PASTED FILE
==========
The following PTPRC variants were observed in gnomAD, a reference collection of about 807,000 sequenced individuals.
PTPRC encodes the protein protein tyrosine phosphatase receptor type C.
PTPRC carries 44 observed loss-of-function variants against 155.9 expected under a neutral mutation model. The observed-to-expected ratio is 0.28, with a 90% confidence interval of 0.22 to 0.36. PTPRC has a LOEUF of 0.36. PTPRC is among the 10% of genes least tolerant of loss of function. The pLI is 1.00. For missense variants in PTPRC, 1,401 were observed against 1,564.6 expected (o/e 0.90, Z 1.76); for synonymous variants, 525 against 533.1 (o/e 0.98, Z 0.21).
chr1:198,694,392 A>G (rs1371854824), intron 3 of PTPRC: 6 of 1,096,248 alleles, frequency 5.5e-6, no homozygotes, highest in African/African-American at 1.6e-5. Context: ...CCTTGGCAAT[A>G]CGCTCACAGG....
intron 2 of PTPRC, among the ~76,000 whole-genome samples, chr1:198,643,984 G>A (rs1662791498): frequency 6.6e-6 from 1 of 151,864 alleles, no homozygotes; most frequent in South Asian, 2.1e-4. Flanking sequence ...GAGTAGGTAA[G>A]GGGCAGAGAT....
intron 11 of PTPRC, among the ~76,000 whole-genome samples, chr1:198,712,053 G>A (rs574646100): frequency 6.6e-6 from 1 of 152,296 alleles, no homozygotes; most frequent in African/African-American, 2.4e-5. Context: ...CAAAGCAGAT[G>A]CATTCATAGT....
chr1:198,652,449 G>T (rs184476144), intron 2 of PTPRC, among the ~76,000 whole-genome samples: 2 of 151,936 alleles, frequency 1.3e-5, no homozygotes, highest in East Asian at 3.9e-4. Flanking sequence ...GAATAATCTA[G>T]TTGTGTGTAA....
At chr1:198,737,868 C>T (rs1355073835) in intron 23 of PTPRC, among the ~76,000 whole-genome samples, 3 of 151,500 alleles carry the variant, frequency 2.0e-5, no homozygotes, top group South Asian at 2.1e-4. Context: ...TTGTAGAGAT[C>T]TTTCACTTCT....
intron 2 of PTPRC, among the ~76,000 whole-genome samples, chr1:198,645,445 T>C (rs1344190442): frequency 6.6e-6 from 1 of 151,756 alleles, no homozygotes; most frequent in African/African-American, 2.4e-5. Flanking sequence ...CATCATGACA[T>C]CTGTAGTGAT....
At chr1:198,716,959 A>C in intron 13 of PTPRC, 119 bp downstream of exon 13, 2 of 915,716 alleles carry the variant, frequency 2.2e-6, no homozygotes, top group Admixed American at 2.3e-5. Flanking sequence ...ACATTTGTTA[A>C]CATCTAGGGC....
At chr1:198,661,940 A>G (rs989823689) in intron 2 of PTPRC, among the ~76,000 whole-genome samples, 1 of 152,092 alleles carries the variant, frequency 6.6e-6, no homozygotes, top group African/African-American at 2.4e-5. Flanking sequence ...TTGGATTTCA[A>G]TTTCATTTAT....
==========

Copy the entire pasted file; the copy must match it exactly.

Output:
The following PTPRC variants were observed in gnomAD, a reference collection of about 807,000 sequenced individuals.
PTPRC encodes the protein protein tyrosine phosphatase receptor type C.
PTPRC carries 44 observed loss-of-function variants against 155.9 expected under a neutral mutation model. The observed-to-expected ratio is 0.28, with a 90% confidence interval of 0.22 to 0.36. PTPRC has a LOEUF of 0.36. PTPRC is among the 10% of genes least tolerant of loss of function. The pLI is 1.00. For missense variants in PTPRC, 1,401 were observed against 1,564.6 expected (o/e 0.90, Z 1.76); for synonymous variants, 525 against 533.1 (o/e 0.98, Z 0.21).
chr1:198,694,392 A>G (rs1371854824), intron 3 of PTPRC: 6 of 1,096,248 alleles, frequency 5.5e-6, no homozygotes, highest in African/African-American at 1.6e-5. Context: ...CCTTGGCAAT[A>G]CGCTCACAGG....
intron 2 of PTPRC, among the ~76,000 whole-genome samples, chr1:198,643,984 G>A (rs1662791498): frequency 6.6e-6 from 1 of 151,864 alleles, no homozygotes; most frequent in South Asian, 2.1e-4. Flanking sequence ...GAGTAGGTAA[G>A]GGGCAGAGAT....
intron 11 of PTPRC, among the ~76,000 whole-genome samples, chr1:198,712,053 G>A (rs574646100): frequency 6.6e-6 from 1 of 152,296 alleles, no homozygotes; most frequent in African/African-American, 2.4e-5. Context: ...CAAAGCAGAT[G>A]CATTCATAGT....
chr1:198,652,449 G>T (rs184476144), intron 2 of PTPRC, among the ~76,000 whole-genome samples: 2 of 151,936 alleles, frequency 1.3e-5, no homozygotes, highest in East Asian at 3.9e-4. Flanking sequence ...GAATAATCTA[G>T]TTGTGTGTAA....
At chr1:198,737,868 C>T (rs1355073835) in intron 23 of PTPRC, among the ~76,000 whole-genome samples, 3 of 151,500 alleles carry the variant, frequency 2.0e-5, no homozygotes, top group South Asian at 2.1e-4. Context: ...TTGTAGAGAT[C>T]TTTCACTTCT....
intron 2 of PTPRC, among the ~76,000 whole-genome samples, chr1:198,645,445 T>C (rs1344190442): frequency 6.6e-6 from 1 of 151,756 alleles, no homozygotes; most frequent in African/African-American, 2.4e-5. Flanking sequence ...CATCATGACA[T>C]CTGTAGTGAT....
At chr1:198,716,959 A>C in intron 13 of PTPRC, 119 bp downstream of exon 13, 2 of 915,716 alleles carry the variant, frequency 2.2e-6, no homozygotes, top group Admixed American at 2.3e-5. Flanking sequence ...ACATTTGTTA[A>C]CATCTAGGGC....
At chr1:198,661,940 A>G (rs989823689) in intron 2 of PTPRC, among the ~76,000 whole-genome samples, 1 of 152,092 alleles carries the variant, frequency 6.6e-6, no homozygotes, top group African/African-American at 2.4e-5. Flanking sequence ...TTGGATTTCA[A>G]TTTCATTTAT....